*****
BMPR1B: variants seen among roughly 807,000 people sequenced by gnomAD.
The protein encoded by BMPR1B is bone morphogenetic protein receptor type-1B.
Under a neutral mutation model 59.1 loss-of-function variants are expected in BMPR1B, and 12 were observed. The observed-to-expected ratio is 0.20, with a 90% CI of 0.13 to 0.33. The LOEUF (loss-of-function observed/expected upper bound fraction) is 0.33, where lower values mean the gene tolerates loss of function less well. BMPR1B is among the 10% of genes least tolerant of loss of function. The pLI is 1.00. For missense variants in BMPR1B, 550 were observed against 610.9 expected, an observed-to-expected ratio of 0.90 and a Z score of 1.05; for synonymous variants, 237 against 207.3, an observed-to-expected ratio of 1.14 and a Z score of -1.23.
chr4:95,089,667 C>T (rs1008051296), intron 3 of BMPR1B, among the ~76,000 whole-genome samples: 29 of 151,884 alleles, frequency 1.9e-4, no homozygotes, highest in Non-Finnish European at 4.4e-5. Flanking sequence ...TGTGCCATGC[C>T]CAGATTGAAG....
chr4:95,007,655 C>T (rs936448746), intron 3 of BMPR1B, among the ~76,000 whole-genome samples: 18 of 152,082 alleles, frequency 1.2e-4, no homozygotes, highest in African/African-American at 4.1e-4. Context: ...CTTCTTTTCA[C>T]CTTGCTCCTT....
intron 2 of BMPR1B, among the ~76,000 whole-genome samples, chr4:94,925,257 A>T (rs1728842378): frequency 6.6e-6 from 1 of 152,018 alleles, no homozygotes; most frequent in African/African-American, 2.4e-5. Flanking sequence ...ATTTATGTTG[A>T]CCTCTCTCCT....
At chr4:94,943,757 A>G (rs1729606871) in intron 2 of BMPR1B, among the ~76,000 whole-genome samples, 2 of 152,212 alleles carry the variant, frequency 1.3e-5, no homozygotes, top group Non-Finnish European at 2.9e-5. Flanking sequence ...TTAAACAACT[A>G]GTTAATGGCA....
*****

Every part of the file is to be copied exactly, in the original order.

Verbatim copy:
BMPR1B: variants seen among roughly 807,000 people sequenced by gnomAD.
The protein encoded by BMPR1B is bone morphogenetic protein receptor type-1B.
Under a neutral mutation model 59.1 loss-of-function variants are expected in BMPR1B, and 12 were observed. The observed-to-expected ratio is 0.20, with a 90% CI of 0.13 to 0.33. The LOEUF (loss-of-function observed/expected upper bound fraction) is 0.33, where lower values mean the gene tolerates loss of function less well. BMPR1B is among the 10% of genes least tolerant of loss of function. The pLI is 1.00. For missense variants in BMPR1B, 550 were observed against 610.9 expected, an observed-to-expected ratio of 0.90 and a Z score of 1.05; for synonymous variants, 237 against 207.3, an observed-to-expected ratio of 1.14 and a Z score of -1.23.
chr4:95,089,667 C>T (rs1008051296), intron 3 of BMPR1B, among the ~76,000 whole-genome samples: 29 of 151,884 alleles, frequency 1.9e-4, no homozygotes, highest in Non-Finnish European at 4.4e-5. Flanking sequence ...TGTGCCATGC[C>T]CAGATTGAAG....
chr4:95,007,655 C>T (rs936448746), intron 3 of BMPR1B, among the ~76,000 whole-genome samples: 18 of 152,082 alleles, frequency 1.2e-4, no homozygotes, highest in African/African-American at 4.1e-4. Context: ...CTTCTTTTCA[C>T]CTTGCTCCTT....
intron 2 of BMPR1B, among the ~76,000 whole-genome samples, chr4:94,925,257 A>T (rs1728842378): frequency 6.6e-6 from 1 of 152,018 alleles, no homozygotes; most frequent in African/African-American, 2.4e-5. Flanking sequence ...ATTTATGTTG[A>T]CCTCTCTCCT....
At chr4:94,943,757 A>G (rs1729606871) in intron 2 of BMPR1B, among the ~76,000 whole-genome samples, 2 of 152,212 alleles carry the variant, frequency 1.3e-5, no homozygotes, top group Non-Finnish European at 2.9e-5. Flanking sequence ...TTAAACAACT[A>G]GTTAATGGCA....